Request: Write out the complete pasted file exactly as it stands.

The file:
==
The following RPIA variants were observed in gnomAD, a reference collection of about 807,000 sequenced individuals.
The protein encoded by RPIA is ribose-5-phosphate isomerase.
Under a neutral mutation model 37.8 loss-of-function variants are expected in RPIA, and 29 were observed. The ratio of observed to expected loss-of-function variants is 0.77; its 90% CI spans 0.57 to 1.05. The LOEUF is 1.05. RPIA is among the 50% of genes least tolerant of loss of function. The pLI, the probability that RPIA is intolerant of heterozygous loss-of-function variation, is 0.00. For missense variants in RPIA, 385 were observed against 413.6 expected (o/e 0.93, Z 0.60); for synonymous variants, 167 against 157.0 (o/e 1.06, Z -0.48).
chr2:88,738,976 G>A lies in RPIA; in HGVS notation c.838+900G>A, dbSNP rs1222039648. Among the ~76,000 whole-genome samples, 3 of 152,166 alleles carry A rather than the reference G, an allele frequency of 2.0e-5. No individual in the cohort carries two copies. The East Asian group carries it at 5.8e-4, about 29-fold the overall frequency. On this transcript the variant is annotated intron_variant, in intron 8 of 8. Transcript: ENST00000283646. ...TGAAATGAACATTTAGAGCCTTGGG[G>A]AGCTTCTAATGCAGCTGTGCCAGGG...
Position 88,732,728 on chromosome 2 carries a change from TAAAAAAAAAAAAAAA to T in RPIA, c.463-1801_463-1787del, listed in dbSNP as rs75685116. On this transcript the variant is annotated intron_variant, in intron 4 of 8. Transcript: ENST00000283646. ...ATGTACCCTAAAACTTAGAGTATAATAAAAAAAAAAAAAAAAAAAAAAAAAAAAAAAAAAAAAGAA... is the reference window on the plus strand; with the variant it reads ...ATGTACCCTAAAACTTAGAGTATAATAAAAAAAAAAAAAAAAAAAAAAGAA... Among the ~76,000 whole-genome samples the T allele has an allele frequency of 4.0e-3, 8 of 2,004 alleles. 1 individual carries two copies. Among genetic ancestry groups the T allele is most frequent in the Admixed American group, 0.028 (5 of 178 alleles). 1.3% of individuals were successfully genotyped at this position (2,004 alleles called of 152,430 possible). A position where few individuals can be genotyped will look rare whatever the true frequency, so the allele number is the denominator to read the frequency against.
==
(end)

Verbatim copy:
The following RPIA variants were observed in gnomAD, a reference collection of about 807,000 sequenced individuals.
The protein encoded by RPIA is ribose-5-phosphate isomerase.
Under a neutral mutation model 37.8 loss-of-function variants are expected in RPIA, and 29 were observed. The ratio of observed to expected loss-of-function variants is 0.77; its 90% CI spans 0.57 to 1.05. The LOEUF is 1.05. RPIA is among the 50% of genes least tolerant of loss of function. The pLI, the probability that RPIA is intolerant of heterozygous loss-of-function variation, is 0.00. For missense variants in RPIA, 385 were observed against 413.6 expected (o/e 0.93, Z 0.60); for synonymous variants, 167 against 157.0 (o/e 1.06, Z -0.48).
chr2:88,738,976 G>A lies in RPIA; in HGVS notation c.838+900G>A, dbSNP rs1222039648. Among the ~76,000 whole-genome samples, 3 of 152,166 alleles carry A rather than the reference G, an allele frequency of 2.0e-5. No individual in the cohort carries two copies. The East Asian group carries it at 5.8e-4, about 29-fold the overall frequency. On this transcript the variant is annotated intron_variant, in intron 8 of 8. Transcript: ENST00000283646. ...TGAAATGAACATTTAGAGCCTTGGG[G>A]AGCTTCTAATGCAGCTGTGCCAGGG...
Position 88,732,728 on chromosome 2 carries a change from TAAAAAAAAAAAAAAA to T in RPIA, c.463-1801_463-1787del, listed in dbSNP as rs75685116. On this transcript the variant is annotated intron_variant, in intron 4 of 8. Transcript: ENST00000283646. ...ATGTACCCTAAAACTTAGAGTATAATAAAAAAAAAAAAAAAAAAAAAAAAAAAAAAAAAAAAAGAA... is the reference window on the plus strand; with the variant it reads ...ATGTACCCTAAAACTTAGAGTATAATAAAAAAAAAAAAAAAAAAAAAAGAA... Among the ~76,000 whole-genome samples the T allele has an allele frequency of 4.0e-3, 8 of 2,004 alleles. 1 individual carries two copies. Among genetic ancestry groups the T allele is most frequent in the Admixed American group, 0.028 (5 of 178 alleles). 1.3% of individuals were successfully genotyped at this position (2,004 alleles called of 152,430 possible). A position where few individuals can be genotyped will look rare whatever the true frequency, so the allele number is the denominator to read the frequency against.